• Discovery, invention and testing stages are continuously overlapped during the whole development process, ensuring involvement, commitment and initiative taking.
• Their team members remain up-to-date with outside sources of information so they can respond and adapt in a fast pace.
• Management maintains a subtle control to prevent chaos without interfering with the team’s performance.
• They create open work environments.
• They incorporate members of previous teams to new teams.

Scrum cherishes and encourages all of these traits. This is the reason why Scrum is the right solution when companies want to succeed in software development industry arena.

Last Updated on Friday, 16 November 2012 15:17
 
Scrum: no "magic" formula to follow
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Written by Lisbeth Cardoso   
Thursday, 15 November 2012 15:01

                                       FISH

Scrum practices may look very simple and therefore not trustworthy at first sight, but they definitely have a strong impact in today’s way of thinking regarding what software is and how to experience its life-cycle.

Software development brings to life new products, innovative ones. Therefore, there’s no "magic" formula to follow. Each project is unique, and must be accompanied by the proper amount of research, creativity and adaptability. Here comes the answer to software development problems: Scrum.

But again, why is necessary to have all these Daily Scrums, and follow these whole iterative, continuous control within Scrum practices? Scrum meetings are not only to report what each member did, they allow to actively involve management and commit everyone, not only the team members, to do their best to accomplish the project’s goals.

“Scrum is about deep social interactions that bring trust among team members”, explained Ken Schwaber and Mike Beedle in their book “Agile Software Development with Scrum”.

To understand why Scrum works, we’ll be analyzing the following views in future articles:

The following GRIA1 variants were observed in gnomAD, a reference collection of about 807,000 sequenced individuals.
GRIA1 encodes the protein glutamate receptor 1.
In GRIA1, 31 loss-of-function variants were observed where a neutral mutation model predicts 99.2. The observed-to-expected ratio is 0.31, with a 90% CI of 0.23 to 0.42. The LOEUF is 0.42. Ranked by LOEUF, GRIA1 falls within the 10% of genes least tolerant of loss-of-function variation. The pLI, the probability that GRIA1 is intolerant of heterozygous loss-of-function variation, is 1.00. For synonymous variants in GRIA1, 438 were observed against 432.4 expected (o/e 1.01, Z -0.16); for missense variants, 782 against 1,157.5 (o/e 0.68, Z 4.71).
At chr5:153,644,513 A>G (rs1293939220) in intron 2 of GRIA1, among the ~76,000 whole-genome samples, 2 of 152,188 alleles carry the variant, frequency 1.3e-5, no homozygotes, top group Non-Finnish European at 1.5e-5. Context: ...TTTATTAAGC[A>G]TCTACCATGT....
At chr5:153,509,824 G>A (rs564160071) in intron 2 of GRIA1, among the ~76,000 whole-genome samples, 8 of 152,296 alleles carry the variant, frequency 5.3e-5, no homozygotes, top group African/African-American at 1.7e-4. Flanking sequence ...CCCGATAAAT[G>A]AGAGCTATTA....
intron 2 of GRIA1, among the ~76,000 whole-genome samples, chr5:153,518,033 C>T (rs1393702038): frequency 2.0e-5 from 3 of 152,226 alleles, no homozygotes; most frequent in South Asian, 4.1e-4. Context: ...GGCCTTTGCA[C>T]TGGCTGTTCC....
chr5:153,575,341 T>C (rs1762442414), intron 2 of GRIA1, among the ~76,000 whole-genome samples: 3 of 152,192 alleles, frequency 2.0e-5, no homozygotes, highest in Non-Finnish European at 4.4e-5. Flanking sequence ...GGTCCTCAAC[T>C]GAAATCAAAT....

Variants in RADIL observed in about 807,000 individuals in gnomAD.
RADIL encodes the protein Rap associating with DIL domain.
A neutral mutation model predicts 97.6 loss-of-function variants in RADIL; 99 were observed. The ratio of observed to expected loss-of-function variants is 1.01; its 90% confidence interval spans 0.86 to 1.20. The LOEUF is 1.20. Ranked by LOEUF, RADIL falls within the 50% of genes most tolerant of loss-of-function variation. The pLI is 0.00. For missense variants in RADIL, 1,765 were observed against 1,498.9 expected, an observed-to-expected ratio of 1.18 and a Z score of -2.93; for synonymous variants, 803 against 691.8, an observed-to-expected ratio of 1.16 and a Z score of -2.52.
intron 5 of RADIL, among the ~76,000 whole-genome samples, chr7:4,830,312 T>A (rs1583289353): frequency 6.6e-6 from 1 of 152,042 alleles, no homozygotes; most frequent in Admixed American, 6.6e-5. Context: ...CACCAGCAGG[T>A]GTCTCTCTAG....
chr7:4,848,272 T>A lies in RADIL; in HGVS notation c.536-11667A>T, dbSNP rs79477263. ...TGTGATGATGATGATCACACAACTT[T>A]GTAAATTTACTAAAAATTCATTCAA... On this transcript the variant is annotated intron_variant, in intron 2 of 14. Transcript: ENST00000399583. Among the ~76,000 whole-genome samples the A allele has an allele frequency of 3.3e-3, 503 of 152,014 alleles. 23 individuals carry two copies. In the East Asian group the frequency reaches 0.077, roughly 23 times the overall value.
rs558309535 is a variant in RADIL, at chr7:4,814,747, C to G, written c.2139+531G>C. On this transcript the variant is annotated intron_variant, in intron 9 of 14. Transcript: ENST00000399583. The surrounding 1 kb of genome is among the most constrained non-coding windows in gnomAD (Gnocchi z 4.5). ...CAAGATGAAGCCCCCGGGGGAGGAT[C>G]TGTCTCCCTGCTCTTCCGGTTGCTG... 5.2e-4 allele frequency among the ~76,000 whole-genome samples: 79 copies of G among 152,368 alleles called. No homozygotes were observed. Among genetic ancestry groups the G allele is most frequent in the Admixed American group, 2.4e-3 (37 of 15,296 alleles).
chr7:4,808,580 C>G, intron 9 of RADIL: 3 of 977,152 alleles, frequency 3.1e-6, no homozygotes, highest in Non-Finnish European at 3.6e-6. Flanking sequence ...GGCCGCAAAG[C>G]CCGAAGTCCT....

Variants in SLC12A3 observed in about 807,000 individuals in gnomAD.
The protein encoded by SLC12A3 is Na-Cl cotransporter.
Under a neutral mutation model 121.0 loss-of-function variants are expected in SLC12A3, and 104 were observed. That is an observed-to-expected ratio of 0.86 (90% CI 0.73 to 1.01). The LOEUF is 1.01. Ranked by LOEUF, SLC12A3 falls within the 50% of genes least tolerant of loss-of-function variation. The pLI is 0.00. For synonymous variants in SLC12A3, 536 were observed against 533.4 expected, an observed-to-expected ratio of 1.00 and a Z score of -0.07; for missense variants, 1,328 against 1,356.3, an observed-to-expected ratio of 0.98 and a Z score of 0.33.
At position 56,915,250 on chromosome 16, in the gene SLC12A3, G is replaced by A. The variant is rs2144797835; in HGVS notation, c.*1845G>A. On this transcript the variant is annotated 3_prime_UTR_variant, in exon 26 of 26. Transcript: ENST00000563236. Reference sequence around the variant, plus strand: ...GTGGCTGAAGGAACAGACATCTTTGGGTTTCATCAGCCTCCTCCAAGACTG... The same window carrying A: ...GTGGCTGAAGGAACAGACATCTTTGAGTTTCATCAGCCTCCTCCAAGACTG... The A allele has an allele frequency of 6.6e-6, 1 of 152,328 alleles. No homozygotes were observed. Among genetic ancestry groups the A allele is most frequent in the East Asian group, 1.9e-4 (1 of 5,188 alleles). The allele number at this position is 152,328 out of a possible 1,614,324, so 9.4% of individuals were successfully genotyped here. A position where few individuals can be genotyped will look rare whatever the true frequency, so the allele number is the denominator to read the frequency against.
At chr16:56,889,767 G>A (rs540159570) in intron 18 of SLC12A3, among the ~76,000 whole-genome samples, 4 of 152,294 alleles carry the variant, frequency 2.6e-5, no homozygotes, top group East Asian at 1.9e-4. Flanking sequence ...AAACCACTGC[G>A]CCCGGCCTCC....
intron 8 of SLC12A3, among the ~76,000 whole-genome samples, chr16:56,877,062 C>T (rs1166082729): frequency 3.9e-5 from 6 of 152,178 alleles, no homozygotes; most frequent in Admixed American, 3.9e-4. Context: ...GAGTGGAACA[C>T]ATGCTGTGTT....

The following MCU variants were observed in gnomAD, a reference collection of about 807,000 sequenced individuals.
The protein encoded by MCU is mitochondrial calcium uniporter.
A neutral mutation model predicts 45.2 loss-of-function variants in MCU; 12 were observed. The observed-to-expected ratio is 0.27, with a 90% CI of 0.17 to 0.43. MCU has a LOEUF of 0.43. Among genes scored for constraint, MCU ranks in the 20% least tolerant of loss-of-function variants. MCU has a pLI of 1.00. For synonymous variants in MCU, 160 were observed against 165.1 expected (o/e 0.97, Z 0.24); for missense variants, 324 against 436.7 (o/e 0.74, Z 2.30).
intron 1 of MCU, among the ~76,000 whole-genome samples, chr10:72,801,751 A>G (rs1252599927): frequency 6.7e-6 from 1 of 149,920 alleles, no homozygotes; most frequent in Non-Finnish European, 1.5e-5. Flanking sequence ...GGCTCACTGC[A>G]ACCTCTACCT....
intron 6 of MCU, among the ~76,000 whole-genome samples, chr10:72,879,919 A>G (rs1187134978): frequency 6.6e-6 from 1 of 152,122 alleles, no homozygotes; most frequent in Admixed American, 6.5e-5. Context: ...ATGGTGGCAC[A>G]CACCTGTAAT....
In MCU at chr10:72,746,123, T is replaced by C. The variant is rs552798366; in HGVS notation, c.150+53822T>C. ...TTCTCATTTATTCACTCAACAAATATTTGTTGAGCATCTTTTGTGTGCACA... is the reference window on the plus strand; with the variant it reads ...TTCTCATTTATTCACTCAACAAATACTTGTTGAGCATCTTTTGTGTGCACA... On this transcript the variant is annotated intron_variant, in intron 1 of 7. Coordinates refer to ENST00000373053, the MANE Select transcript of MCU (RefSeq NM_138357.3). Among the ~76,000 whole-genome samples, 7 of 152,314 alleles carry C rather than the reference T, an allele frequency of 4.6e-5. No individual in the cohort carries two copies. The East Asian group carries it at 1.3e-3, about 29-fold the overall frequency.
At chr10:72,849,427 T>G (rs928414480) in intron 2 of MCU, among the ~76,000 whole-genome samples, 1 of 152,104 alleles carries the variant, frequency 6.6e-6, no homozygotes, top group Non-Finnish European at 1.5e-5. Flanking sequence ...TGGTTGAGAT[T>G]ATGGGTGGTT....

• New product development view of Scrum.
   • Risk management and predictability view of Scrum.
   • Kuhnian view of Scrum.
   • Knowledge creation view of Scrum.
   • Complexity Science view of Scrum.
   • Anthropological view of Scrum.
   • System Dynamics view of Scrum.
   • Psychological view of Scrum
   • Football metaphor.

We don’t pretend to provide you with a cumbersome and exhaustive explanation of each one of these views; we just want to give you a brief introduction into them to show you why Scrum is the right methodology to follow when it comes to software development.

Last Updated on Wednesday, 02 January 2013 20:45
 
Why Scrum Works?
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Written by Lisbeth Cardoso   
Friday, 09 November 2012 14:55

                     TEAMRED

Evolution has taught us that those organisms that are able to adapt to new or hostile conditions are the ones that have more chances of survival. That’s were Scrum strength lies on, in its ability to adjust to the unexpected. That’s why it works!

Nowadays, complicated processes have become a trend in our daily lives. When activities are so complex that they are impossible to predict in advance and aren’t repeatable, the empirical process control model is then needed.

The empirical process control model is pretty simple and straightforward. It inspects what’s occurring and adjusts to produce desired outcomes.

Scrum uses this model. During a Sprint, the self-organized team empirically determines how to build a product increment given the technology and requirements. Daily Scrums controls the team’s performance by providing the information needed to empirically decide what the next steps will be. At the end of the Sprint, there’s another control: the Sprint Review, where all the delivered functionality is examined. Then, the Product Owner, the Scrum Master and the team decide what to do for the next Sprint.

Scrum thinks of every project as a unique one, teaches teams to work on their own as a unit, involves management in every step of the way, inspects the project status on daily basis and adapts to it to get the best possible outcome. How can it not work?

Last Updated on Friday, 09 November 2012 15:31